Keith: "Lost—one large bag of marbles. If found please return to Olympus Corporation, Attn: Marketing Dept., Tokyo, Japan."
Trecento: "I know I tend to see these things a little off from most people, so please bear with me.
"I think this high price is not just a consequence of the manufacturer's margins getting squeezed, but also of the sufficiency of camera tech. Cameras aren't likely to get too much better at producing technically excellent images (I think we have about two stops left in possible noise/dynamic range, and maybe, possibly, another stop worth of pixel density. After that, we'd need something different to make another great leap forward), so it's plausible that you could market the end point cameras at the 'top of the line.' I'm thinking of the Super Speed Graphic, introduced in 1958, which successfully addressed every shortcoming of the press cameras before it. There was nothing left to improve.
"I don't think this pricing strategy is going to work for us though. Enthusiasts—particularly camera hobbists—like cameras, like playing with cameras, complaining about cameras, and especially, buying cameras. Prices in this range take away the fun. We can't play with something like that.
"We can't 'stretch' the way one can when one crosses their fingers, and swallows some existential dread and goes from the entry-level $550 camera to the mid-level $850 one, or from the low prosumer $1,200 to the full prosumer $1,500. The jump may only be $300-ish each time. But once you cross that single-car-payment level into that single-rent-payment level, it doesn't look so good.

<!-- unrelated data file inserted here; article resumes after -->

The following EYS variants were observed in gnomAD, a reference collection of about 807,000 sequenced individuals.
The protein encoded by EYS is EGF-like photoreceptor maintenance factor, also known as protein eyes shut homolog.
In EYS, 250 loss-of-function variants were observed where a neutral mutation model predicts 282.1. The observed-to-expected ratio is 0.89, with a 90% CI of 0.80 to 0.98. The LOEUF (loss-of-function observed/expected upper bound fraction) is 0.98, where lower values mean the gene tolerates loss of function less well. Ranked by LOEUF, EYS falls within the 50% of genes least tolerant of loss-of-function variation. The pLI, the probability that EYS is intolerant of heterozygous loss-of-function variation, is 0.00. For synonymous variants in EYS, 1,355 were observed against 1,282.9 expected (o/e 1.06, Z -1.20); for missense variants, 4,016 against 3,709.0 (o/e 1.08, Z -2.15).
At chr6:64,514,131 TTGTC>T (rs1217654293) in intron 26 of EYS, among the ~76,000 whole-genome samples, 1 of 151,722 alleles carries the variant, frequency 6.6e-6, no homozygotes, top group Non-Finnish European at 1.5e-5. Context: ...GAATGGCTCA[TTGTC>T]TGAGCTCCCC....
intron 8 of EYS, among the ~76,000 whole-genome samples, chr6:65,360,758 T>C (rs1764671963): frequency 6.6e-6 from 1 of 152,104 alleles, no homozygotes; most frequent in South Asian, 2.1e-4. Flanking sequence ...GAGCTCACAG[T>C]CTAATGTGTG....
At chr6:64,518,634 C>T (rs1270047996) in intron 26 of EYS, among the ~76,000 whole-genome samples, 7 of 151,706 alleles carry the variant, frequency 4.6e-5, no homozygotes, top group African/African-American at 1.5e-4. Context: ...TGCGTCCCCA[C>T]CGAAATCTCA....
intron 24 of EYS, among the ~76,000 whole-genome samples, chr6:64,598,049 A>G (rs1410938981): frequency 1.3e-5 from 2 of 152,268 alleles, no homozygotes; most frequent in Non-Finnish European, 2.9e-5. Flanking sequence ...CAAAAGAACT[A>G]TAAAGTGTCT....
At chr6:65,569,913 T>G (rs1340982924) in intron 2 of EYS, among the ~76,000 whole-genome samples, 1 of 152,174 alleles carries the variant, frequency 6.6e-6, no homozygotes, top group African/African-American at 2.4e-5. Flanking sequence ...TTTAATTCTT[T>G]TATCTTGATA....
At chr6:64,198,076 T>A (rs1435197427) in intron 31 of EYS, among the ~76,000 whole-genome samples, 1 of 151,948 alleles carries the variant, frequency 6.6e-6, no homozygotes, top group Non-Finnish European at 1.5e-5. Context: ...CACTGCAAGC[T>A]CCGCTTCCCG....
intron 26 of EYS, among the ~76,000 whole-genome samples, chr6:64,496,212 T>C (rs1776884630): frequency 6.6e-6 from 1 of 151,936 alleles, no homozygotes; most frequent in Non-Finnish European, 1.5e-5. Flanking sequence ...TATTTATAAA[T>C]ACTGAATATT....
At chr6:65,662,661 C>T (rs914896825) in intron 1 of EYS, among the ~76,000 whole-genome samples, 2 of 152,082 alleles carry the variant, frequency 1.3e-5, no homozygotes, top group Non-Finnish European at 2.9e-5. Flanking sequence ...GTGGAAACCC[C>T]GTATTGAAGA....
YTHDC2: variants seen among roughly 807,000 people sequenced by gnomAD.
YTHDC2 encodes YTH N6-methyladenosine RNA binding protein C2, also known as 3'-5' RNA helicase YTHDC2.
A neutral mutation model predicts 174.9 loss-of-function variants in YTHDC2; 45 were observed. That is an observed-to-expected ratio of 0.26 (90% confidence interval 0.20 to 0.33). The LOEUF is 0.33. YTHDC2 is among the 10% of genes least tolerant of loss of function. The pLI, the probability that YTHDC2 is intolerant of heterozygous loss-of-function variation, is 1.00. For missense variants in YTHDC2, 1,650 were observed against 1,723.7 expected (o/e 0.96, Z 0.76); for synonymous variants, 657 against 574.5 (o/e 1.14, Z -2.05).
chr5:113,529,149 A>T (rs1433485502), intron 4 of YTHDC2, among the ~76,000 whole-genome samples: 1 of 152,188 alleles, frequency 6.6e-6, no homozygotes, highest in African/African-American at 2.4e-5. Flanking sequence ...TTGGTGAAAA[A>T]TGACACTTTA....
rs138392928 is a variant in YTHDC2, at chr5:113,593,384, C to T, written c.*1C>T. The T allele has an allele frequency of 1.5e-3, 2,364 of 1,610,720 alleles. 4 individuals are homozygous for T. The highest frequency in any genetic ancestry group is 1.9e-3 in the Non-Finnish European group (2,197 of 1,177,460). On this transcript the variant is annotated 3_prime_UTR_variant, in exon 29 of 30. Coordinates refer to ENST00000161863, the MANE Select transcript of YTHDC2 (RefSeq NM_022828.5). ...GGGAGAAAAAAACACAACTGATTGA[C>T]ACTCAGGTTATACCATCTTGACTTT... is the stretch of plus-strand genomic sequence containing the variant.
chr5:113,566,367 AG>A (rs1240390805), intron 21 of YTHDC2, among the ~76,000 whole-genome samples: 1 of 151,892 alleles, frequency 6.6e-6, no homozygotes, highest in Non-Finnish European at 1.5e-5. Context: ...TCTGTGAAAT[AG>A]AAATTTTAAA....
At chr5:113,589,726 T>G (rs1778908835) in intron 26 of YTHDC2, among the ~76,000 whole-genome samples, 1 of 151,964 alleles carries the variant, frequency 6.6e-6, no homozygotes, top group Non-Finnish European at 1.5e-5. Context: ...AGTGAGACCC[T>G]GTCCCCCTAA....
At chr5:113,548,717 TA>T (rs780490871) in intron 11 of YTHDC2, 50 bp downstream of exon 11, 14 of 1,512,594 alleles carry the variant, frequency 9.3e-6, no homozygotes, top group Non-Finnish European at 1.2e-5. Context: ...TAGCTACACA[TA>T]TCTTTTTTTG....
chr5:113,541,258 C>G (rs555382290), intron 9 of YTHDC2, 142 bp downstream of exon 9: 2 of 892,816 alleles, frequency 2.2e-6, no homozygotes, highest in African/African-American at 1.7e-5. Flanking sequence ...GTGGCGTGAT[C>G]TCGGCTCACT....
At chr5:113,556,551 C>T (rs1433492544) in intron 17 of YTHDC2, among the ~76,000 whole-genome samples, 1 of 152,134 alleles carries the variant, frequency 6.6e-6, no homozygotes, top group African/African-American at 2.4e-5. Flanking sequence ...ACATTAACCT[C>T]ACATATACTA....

"I don't think the camera companies have really figured out how much of the great run-up in camera sales was due to that enthusiasm: pay a bit every year or two, get a whole lot of improvement, yay! This transition is going to squeeze them from every side. The collectors are going to lose interest, the enthusiasts are going to run out of money, and new people are not going to get in to the hobby because the reward of incrementally better pictures is not going to outweigh the punishment of abstruse lingo and interfaces, nor the discouragement of being unable to readily share what they've shot. Not being able to post directly from the camera is akin to not being able to make prints! We are at the point where the iPhone takes pictures that are better than any point-and-shoot of the film era, and (thanks to the terrible product design) better than most digicams. It's good enough for ordinary purposes.
"They'd be better off taking a page from their awful compact camera playbook, and just re-release the same thing over and over with lots of inconsequential changes, at an affordable price.
"Meanwhile, what shall we do? Panasonic still makes affordable cameras for Micro 4/3, and Fuji makes really nice APS-C ones with lenses to match. Sony makes full-frame cameras that you can now adapt all kinds of stuff to. It looks like folk who want to take certain kinds of pictures will be buying mid and entry level cameras (I'm curiously okay with a Panasonic G3, a tiny little un-pro looking camera from about two generations ago, but I know I'm weird, a niche, population: 1), and watching for the flagship cameras to roll off into the discontinued zone. After all, we've reached a point of sufficientcy, haven't we?"